Appalachia. For those who live in the region, it is a place of beautiful mountains, quintessentially American scenes, and, yes, a potentially hardscrabble existence. For much of the United States, the mountain chain in the Southeast is what people know from gritty black-and-white photographs and dismal news reports. An Appalachian artist is addressing the imbalance in the public’s perception of the region, upending the stereotype, with an ambitious plein air painting project.

The idea has been percolating in Kyle Buckland‘s mind for about 15 years. “It came out of one of my favorite things to do — drive the back roads and take in what it is about our area that means so much to me and to others who grew up here,” says the resident of Abingdon, Virginia. “I’m doing this for everybody — for the people here and for people who don’t know Appalachia. This southern part of the Appalachian cultural region has hard workers, the beautiful Blue Ridge Mountains, and sights that have inspired so much creativity in the area. It’s a place with memories of swimming holes and bonfires and fishing. That’s not to say that there isn’t an uglier side to it — every place has an uglier side. But I want to focus on the positive.”

 Kyle Buckland painting on location in Virginia

 

Buckland’s project is a year-long plein-air painting adventure taking him to four states and culminating in a large art show in September 2015 and a book. He sees it as a record, dutifully capturing the region before it vanishes. “I don’t want to be too political, but we do have companies that … well, our landscape is changing,” says Buckland. “Things are being built and changing our views of the landscape. There’s still a lot of pristine land that hasn’t been developed. And traditionally, there weren’t a lot of painters in this area, and the ones that were here were folk artists. It’s mostly uncharted territory for painters.”

A typical view in Buckland’s part of the Appalachian region

 

The artist has the energy and drive of a relatively young painter with a vision. Part of that vision is to host his own exhibition and to publish the resulting book himself. He’s inspired by a chef friend who has rented buildings for pop-up dinner parties. “There are several towns around here with buildings available to rent on a short-term basis,” says Buckland. “I thought it would be neat to do it myself.” Practical, too — Buckland’s vision includes more than 100 pieces on display. That will require a lot of wall space.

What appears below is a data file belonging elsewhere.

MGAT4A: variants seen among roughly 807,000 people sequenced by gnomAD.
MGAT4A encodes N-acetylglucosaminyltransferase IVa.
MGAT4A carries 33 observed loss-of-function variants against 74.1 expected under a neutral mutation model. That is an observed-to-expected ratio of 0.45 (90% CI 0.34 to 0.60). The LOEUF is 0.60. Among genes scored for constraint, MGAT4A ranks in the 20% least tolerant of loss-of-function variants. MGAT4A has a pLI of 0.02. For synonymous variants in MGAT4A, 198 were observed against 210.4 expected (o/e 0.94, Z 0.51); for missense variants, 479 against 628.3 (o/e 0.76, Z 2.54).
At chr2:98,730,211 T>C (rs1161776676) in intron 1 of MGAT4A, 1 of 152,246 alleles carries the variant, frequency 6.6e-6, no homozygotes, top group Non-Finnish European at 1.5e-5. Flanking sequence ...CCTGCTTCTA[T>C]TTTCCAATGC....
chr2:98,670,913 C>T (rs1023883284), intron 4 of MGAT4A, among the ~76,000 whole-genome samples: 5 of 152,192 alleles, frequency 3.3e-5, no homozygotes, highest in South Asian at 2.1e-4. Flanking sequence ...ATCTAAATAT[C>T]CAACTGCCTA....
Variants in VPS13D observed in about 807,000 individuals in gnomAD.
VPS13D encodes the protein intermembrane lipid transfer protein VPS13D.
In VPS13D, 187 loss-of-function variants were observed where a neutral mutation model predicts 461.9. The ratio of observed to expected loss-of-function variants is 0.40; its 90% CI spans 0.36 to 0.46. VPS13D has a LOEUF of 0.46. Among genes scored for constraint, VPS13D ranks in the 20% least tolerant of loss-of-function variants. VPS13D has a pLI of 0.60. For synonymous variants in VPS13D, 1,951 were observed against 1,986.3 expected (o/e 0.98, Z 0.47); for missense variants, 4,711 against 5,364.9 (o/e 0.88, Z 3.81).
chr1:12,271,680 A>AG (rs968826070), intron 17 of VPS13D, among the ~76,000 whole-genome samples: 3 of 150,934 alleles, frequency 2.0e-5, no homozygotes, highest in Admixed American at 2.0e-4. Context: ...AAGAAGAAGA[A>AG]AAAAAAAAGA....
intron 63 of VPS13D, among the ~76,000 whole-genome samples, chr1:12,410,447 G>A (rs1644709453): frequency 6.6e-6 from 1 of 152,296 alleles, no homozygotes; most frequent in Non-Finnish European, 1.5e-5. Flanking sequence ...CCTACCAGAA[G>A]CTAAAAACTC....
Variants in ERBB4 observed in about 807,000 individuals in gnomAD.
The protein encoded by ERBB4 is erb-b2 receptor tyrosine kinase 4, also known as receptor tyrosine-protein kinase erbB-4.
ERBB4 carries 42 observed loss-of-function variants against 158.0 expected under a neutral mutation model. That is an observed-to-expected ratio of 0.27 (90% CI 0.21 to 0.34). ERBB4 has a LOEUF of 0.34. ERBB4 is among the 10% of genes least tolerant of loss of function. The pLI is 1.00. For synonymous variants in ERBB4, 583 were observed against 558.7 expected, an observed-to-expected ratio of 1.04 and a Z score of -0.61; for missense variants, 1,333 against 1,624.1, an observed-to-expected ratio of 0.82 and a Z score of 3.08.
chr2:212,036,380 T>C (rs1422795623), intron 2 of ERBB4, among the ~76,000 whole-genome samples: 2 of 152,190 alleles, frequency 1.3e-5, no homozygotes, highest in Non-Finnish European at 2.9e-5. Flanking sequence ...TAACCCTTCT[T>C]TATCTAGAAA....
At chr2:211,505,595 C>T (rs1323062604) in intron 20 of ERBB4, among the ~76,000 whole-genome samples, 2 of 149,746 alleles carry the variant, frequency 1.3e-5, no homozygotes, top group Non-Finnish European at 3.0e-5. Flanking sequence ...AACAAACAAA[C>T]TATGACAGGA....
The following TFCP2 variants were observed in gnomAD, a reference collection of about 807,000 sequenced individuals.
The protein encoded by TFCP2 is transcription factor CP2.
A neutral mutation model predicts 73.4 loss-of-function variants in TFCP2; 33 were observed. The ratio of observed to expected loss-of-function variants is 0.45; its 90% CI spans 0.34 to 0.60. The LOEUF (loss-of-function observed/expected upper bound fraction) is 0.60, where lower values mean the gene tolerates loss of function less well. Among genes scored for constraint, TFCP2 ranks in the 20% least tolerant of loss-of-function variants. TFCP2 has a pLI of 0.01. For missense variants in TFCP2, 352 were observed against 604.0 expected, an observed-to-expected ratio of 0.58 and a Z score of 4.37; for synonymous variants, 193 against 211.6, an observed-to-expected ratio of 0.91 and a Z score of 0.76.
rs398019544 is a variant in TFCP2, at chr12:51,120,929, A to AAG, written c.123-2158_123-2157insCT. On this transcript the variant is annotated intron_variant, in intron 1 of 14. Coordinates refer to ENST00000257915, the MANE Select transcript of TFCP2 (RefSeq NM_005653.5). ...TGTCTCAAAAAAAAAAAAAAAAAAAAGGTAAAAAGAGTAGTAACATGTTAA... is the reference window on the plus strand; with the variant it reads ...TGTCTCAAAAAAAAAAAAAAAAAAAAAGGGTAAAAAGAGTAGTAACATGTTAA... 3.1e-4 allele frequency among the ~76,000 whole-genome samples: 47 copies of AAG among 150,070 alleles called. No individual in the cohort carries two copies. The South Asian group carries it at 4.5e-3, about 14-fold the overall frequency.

“The Old Cattle Gate,” by Kyle Buckland, oil, 20 x 24 in. 

 

To fund the project, which he’s dubbed “Preserving Appalachia,” Buckland started a GoFundMe page to solicit donations. With a goal of $30,000 to pay for food and other expenses, plus funding for the exhibition and book, Buckland was thrilled to garner more than $2,000 in the first 10 days. He immediately hit the road.

“Days Gone By,” by Kyle Buckland, oil, 24 x 30 in.

 

This will be no painting blitzkrieg. Buckland is traveling with his wife, Jenn, taking his time, talking with people along the way, accruing stories and local history. It will all find its way into the book. “Farming is changing,” says Buckland. “The ways barns are built have changed. Old silos, chicken houses, tobacco barns, and dairy barns are falling down. A lot of the old barns are not far from collapsing. There are so many that the resources aren’t available to fix all of them. With the storms in recent years, at least a dozen that I have painted are not there anymore. I’m trying to capture them so people can have the experience of them before they’re gone.”

Buckland outfitted the back of his vehicle to store wet paintings and art materials.

 

One example of what Buckland is finding and documenting is the role of mills in Appalachian life. The artist learned about the way mills brought communities together by talking with some old timers in an area he was painting. “Mills were gathering places; people would get in their horse and buggy and come from town with all their grain and get it ground up in the mill on the weekend,” reports Buckland. “It was a big social event. Everyone would come down to the mill and hang out.”

 

Buckland’s wife, Jenn, is delving into plein air painting as well.

 

Of the 100 paintings Buckland plans to complete in the coming year, he guesses that 25 will be larger pieces, up to 48 inches across. Most of the work will be done on location. His wife, a talented artist who has previously focused on abstract paintings and jewelry, has been bitten by the plein air bug, and may show up in the show and book as well. 

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